January 16, 2019

Fledgling Hartford Land Bank eyes next step in blight-remediation efforts

The Hartford Land Bank, seeded with $5 million in state funds two years ago, has it's work cut out for it.

The nonprofit is setting out to conduct a survey and market assessment of properties citywide, building on the Hartford's recent blight work that has identified an estimated 400 vacant and abandoned properties. The survey will be done with the assistance of a recent $175,000 grant from the Hartford Foundation for Public Giving.

The city's remediation efforts have helped fix up nearly 140 blighted properties as of Oct. 2018, the Hartford Courant reported. The land bank is chaired by Hartford's blight enforcement director Laura Settlemyer.

The land bank, which has the power to acquire, manage and dispose of blighted properties, plans to hire national experts who have conducted similar property surveys in other cities across the country. They will work with local partners including the city's Office of Community Engagement, Hartford GIS Services and the Hartford Youth Service Corps.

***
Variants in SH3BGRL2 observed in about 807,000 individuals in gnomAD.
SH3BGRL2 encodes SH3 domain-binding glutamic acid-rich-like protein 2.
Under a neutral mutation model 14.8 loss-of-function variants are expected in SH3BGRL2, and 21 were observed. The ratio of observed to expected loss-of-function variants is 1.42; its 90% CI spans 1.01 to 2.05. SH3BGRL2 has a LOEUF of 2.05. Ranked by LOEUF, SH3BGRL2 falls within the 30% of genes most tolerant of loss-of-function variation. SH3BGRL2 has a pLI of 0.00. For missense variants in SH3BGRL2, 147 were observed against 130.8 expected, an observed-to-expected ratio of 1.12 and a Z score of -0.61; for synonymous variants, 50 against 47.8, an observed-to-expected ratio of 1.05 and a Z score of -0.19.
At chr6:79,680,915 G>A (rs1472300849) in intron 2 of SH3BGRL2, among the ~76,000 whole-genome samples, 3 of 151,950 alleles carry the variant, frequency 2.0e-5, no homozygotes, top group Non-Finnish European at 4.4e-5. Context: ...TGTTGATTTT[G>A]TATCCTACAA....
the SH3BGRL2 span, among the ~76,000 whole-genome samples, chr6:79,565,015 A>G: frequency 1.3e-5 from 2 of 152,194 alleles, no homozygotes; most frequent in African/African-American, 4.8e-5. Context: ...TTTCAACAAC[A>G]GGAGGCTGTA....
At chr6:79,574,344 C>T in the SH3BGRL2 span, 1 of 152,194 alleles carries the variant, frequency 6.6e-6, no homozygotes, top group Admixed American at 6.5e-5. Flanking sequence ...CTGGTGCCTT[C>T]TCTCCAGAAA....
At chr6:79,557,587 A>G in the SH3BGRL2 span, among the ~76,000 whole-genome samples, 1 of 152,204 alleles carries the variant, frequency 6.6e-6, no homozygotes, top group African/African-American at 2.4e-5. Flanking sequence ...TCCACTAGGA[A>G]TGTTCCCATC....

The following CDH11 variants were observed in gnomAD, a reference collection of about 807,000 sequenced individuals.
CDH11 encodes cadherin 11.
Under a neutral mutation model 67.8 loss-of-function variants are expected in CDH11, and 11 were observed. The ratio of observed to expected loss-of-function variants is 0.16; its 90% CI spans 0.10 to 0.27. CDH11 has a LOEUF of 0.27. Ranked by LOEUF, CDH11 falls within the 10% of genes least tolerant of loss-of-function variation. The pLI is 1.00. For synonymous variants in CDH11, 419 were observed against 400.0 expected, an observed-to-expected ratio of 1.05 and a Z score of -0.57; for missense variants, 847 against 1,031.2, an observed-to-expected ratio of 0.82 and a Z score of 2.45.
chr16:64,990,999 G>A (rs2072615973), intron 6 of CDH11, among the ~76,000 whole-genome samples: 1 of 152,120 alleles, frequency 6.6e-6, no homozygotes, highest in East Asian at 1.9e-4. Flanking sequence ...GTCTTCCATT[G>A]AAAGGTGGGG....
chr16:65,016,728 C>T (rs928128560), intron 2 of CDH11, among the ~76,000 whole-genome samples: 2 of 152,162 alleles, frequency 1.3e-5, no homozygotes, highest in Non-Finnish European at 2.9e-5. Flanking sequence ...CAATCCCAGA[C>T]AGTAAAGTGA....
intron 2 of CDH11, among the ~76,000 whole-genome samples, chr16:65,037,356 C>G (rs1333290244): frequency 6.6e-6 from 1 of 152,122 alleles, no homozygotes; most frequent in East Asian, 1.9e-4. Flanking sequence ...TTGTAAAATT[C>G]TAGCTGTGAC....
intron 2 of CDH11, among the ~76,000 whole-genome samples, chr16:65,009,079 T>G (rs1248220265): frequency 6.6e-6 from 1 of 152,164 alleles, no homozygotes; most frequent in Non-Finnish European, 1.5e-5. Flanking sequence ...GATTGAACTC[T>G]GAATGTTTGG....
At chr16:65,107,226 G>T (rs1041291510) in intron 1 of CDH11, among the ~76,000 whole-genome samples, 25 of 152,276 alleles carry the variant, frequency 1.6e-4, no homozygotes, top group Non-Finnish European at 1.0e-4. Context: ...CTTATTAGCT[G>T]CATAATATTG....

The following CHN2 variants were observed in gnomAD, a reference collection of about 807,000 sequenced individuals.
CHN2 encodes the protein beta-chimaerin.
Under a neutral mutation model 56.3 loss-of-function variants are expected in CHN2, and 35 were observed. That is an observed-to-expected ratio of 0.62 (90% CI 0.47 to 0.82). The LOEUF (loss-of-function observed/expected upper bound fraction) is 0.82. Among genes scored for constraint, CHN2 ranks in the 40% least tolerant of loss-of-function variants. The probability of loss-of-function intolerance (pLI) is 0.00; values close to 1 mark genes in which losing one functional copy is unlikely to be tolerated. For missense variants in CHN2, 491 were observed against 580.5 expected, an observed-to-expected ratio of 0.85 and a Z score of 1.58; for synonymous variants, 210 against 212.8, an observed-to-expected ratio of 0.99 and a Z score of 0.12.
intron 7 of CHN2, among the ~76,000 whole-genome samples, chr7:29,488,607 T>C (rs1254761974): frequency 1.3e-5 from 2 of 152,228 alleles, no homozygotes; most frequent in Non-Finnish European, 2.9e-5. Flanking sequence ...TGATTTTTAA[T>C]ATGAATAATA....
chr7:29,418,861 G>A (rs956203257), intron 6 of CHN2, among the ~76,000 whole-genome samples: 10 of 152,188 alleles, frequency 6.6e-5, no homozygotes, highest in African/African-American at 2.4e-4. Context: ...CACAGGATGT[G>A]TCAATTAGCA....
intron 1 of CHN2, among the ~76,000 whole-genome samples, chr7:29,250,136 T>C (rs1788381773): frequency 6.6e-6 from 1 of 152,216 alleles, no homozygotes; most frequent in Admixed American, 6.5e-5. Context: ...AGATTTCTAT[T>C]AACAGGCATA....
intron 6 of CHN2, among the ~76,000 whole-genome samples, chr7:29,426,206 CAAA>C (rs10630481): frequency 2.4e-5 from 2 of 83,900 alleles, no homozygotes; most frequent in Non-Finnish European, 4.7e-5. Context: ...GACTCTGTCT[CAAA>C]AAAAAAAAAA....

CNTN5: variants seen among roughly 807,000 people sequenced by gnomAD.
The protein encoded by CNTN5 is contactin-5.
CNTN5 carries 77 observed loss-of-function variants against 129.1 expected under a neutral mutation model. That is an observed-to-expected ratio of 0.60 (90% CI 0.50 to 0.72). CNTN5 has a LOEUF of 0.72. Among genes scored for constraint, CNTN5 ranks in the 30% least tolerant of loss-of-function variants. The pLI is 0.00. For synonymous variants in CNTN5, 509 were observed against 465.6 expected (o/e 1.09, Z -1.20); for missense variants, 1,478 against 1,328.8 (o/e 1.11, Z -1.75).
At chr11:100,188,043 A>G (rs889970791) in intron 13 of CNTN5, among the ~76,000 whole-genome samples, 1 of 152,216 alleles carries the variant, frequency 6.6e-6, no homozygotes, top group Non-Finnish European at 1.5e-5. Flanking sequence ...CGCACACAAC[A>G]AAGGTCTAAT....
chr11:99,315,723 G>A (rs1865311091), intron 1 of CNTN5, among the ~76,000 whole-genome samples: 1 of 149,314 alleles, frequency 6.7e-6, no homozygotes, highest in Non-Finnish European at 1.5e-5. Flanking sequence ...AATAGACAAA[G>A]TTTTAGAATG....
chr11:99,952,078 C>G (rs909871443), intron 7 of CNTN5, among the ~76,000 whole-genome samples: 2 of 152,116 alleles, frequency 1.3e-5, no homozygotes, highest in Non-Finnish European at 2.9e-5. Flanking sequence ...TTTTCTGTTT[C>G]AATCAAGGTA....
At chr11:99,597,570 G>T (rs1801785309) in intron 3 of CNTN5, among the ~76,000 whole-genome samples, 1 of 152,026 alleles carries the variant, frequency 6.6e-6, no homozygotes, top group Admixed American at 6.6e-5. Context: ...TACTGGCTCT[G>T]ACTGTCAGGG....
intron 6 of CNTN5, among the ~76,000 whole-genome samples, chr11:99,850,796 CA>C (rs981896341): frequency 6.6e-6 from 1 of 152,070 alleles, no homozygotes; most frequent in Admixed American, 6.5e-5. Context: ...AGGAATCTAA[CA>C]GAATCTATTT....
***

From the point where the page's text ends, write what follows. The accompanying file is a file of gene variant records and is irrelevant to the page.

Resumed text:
Blighted properties have significant impacts on communities, according to the foundation, imposing potential public health risks, decreasing property values and increasing the risk of fire and crime.

"Blighted properties have plagued our neighborhoods for decades, and that's why we made it a priority from the very beginning to combat blight in an aggressive and systematic way," Mayor Luke Bronin said in a statement.

In 2017, the Bond Commission approved a request from the Department of Housing to provide a $5 million grant-in-aid to the Hartford Land Bank. The money had originally been allocated to a community housing land bank program.

This story has been modified to include more detail about the Hartford Land Bank's funding.

Correction: An earlier version of this story understated the scope of work planned by the land bank. It will conduct a citywide survey of Hartford properties.

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